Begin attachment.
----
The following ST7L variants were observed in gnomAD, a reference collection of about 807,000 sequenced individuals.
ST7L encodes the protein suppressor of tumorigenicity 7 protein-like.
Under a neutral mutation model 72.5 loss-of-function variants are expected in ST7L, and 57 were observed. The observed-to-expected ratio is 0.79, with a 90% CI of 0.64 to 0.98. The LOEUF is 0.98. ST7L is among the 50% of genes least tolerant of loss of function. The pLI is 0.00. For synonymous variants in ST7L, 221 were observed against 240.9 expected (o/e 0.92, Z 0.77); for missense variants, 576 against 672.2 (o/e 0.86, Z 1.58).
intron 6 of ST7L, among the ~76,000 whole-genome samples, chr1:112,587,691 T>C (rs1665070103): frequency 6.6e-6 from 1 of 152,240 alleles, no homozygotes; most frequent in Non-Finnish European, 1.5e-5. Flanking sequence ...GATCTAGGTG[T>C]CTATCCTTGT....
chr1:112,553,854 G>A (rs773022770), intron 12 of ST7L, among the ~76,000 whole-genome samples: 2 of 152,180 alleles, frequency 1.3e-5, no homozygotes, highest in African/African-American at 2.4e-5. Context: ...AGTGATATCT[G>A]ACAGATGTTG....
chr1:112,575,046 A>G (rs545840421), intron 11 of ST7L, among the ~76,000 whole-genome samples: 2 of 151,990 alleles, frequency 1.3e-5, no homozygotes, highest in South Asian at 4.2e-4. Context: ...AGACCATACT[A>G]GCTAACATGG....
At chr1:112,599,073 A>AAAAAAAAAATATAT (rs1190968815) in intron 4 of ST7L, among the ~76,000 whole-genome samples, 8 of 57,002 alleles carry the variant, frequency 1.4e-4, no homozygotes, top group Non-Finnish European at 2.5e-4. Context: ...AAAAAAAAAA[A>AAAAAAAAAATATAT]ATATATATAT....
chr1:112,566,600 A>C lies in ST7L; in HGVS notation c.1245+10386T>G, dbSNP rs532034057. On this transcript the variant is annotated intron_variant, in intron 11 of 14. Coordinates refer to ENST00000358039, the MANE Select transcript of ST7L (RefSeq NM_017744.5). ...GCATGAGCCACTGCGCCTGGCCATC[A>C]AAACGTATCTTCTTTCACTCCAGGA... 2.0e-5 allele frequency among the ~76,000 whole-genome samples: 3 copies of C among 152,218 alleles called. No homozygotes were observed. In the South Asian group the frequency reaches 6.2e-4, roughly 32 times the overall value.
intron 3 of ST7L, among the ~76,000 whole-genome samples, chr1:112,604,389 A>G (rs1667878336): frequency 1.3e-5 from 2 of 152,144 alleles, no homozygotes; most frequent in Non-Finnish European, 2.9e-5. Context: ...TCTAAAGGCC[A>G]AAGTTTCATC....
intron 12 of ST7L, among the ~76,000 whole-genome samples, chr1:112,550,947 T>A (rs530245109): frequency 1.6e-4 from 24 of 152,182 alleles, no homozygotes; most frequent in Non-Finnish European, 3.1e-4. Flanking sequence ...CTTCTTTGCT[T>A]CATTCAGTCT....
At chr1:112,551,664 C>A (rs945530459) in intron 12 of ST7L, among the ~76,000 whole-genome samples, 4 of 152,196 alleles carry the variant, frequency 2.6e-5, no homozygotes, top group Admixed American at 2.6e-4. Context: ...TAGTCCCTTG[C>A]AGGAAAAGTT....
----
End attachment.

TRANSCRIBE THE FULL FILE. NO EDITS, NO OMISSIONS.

The following ST7L variants were observed in gnomAD, a reference collection of about 807,000 sequenced individuals.
ST7L encodes the protein suppressor of tumorigenicity 7 protein-like.
Under a neutral mutation model 72.5 loss-of-function variants are expected in ST7L, and 57 were observed. The observed-to-expected ratio is 0.79, with a 90% CI of 0.64 to 0.98. The LOEUF is 0.98. ST7L is among the 50% of genes least tolerant of loss of function. The pLI is 0.00. For synonymous variants in ST7L, 221 were observed against 240.9 expected (o/e 0.92, Z 0.77); for missense variants, 576 against 672.2 (o/e 0.86, Z 1.58).
intron 6 of ST7L, among the ~76,000 whole-genome samples, chr1:112,587,691 T>C (rs1665070103): frequency 6.6e-6 from 1 of 152,240 alleles, no homozygotes; most frequent in Non-Finnish European, 1.5e-5. Flanking sequence ...GATCTAGGTG[T>C]CTATCCTTGT....
chr1:112,553,854 G>A (rs773022770), intron 12 of ST7L, among the ~76,000 whole-genome samples: 2 of 152,180 alleles, frequency 1.3e-5, no homozygotes, highest in African/African-American at 2.4e-5. Context: ...AGTGATATCT[G>A]ACAGATGTTG....
chr1:112,575,046 A>G (rs545840421), intron 11 of ST7L, among the ~76,000 whole-genome samples: 2 of 151,990 alleles, frequency 1.3e-5, no homozygotes, highest in South Asian at 4.2e-4. Context: ...AGACCATACT[A>G]GCTAACATGG....
At chr1:112,599,073 A>AAAAAAAAAATATAT (rs1190968815) in intron 4 of ST7L, among the ~76,000 whole-genome samples, 8 of 57,002 alleles carry the variant, frequency 1.4e-4, no homozygotes, top group Non-Finnish European at 2.5e-4. Context: ...AAAAAAAAAA[A>AAAAAAAAAATATAT]ATATATATAT....
chr1:112,566,600 A>C lies in ST7L; in HGVS notation c.1245+10386T>G, dbSNP rs532034057. On this transcript the variant is annotated intron_variant, in intron 11 of 14. Coordinates refer to ENST00000358039, the MANE Select transcript of ST7L (RefSeq NM_017744.5). ...GCATGAGCCACTGCGCCTGGCCATC[A>C]AAACGTATCTTCTTTCACTCCAGGA... 2.0e-5 allele frequency among the ~76,000 whole-genome samples: 3 copies of C among 152,218 alleles called. No homozygotes were observed. In the South Asian group the frequency reaches 6.2e-4, roughly 32 times the overall value.
intron 3 of ST7L, among the ~76,000 whole-genome samples, chr1:112,604,389 A>G (rs1667878336): frequency 1.3e-5 from 2 of 152,144 alleles, no homozygotes; most frequent in Non-Finnish European, 2.9e-5. Context: ...TCTAAAGGCC[A>G]AAGTTTCATC....
intron 12 of ST7L, among the ~76,000 whole-genome samples, chr1:112,550,947 T>A (rs530245109): frequency 1.6e-4 from 24 of 152,182 alleles, no homozygotes; most frequent in Non-Finnish European, 3.1e-4. Flanking sequence ...CTTCTTTGCT[T>A]CATTCAGTCT....
At chr1:112,551,664 C>A (rs945530459) in intron 12 of ST7L, among the ~76,000 whole-genome samples, 4 of 152,196 alleles carry the variant, frequency 2.6e-5, no homozygotes, top group Admixed American at 2.6e-4. Context: ...TAGTCCCTTG[C>A]AGGAAAAGTT....